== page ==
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Marci Ien is a co-host on CTV’s The Social.

Toronto police are challenging the claims of a broadcast journalist who believes she was stopped and questioned by police because she is black – arguing they didn't know her race and that dash-cam footage shows she rolled through a stop sign.

In an unusual move, high-ranking police officers took to social media to respond to an opinion piece published on Monday in The Globe and Mail by Marci Ien, a co-host on CTV's The Social. In it, Ms. Ien recounted an incident in her driveway on the evening of Feb. 18.

When she got out of the car – confused about the sudden flashing lights in her rear-view mirror – she said the officer yelled at her to get back in. It was the third time she's been stopped by police in her neighbourhood in eight months, Ms. Ien wrote. He told her that she had rolled through a stop sign.

"The stop signal at my daughter's school is half a kilometre away; why wasn't I pulled over there? Why did he follow me home? Why, after seeing the address on my driver's licence, did he still ask if I lived at my home?" she wrote, suggesting there is a double standard for people of colour.

On Tuesday, Toronto police Staff Superintendent Mario Di Tommaso tweeted to Ms. Ien that she was stopped not because of her ethnicity, but because of her driving.

"I have viewed the video footage of your vehicle stop," he wrote. "You were stopped because of your driving behaviour. You failed to stop at a stop sign. It was dark. Your race was not visible on the video and only became apparent when you stepped out of the vehicle in your driveway."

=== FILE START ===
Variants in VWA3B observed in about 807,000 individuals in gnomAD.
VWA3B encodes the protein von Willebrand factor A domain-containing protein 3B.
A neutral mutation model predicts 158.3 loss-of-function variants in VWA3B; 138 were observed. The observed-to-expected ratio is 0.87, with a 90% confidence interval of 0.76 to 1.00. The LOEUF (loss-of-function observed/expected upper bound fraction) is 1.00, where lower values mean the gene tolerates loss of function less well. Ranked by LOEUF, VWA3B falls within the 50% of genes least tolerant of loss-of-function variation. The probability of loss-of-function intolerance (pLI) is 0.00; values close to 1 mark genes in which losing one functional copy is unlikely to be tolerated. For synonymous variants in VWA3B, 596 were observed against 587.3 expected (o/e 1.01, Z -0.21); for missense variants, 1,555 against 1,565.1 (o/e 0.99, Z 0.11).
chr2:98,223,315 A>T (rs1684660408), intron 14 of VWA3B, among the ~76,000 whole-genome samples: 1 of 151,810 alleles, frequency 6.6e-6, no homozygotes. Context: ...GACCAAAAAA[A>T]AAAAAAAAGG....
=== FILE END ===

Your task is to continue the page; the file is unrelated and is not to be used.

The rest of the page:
Deputy Chief Shawna Coxon later tweeted similar comments about the video. "These incidents are an opportunity for discussion and learning by everyone involved," she added. "Our relationships with people = communities. Our work in listening and building/ensuring trust can never be over."

Chief Mark Saunders also weighed in during a television interview, saying he reviewed video footage and audio transcripts from the stop – and invited Ms. Ien to do the same.

Ms. Ien said they're missing the point.

"The point is not whether I did or didn't do something. It's how I felt [in my driveway] … it was his tone. It scared me."

As a black woman, she said that is her frame of reference with police – and she doesn't expect everyone to understand.

"I do feel … that being black had something to do with it," she said.

Ms. Ien said she has not heard from the chief or the service and found their public comments – particularly about the video footage, which she has yet to see – to be "highly unprofessional." She plans on seeking counsel from a lawyer.

She described it as a "smear campaign," referencing a tweet by Toronto Police Association president Mike McCormack that excerpted a 2005 interview Ms. Ien did with The Globe about her car.

"Ien confesses she likes speed sometimes," the article stated. "She has been stopped by police a few times, but nailed only once. Her secret: 'I flash them a smile. I don't know if it's the Marci Ien thing, but it's like, 'Did you know you were going …?' Yes, I did. I won't do it again. 'Okay, that's fine.'"

Ms. Ien questioned what her previous comments have to do with the current incident.

"So I'm a bad driver, does that mean I should be profiled?" she said. "I was scared in my driveway … and that's okay because I'm a bad driver?"

While the police chief defended his officer's actions in this case, he acknowledged the larger issue is that Ms. Ien said this was the third time she was stopped in eight months.

"That is a concern, and that's something – if there are issues, if there's an opportunity to look at those three [instances] – I'm certainly willing to look at those three and then figure out what needs to be done on either end of the spectrum," Chief Saunders said.

Ms. Ien said she has no regrets about writing the piece.

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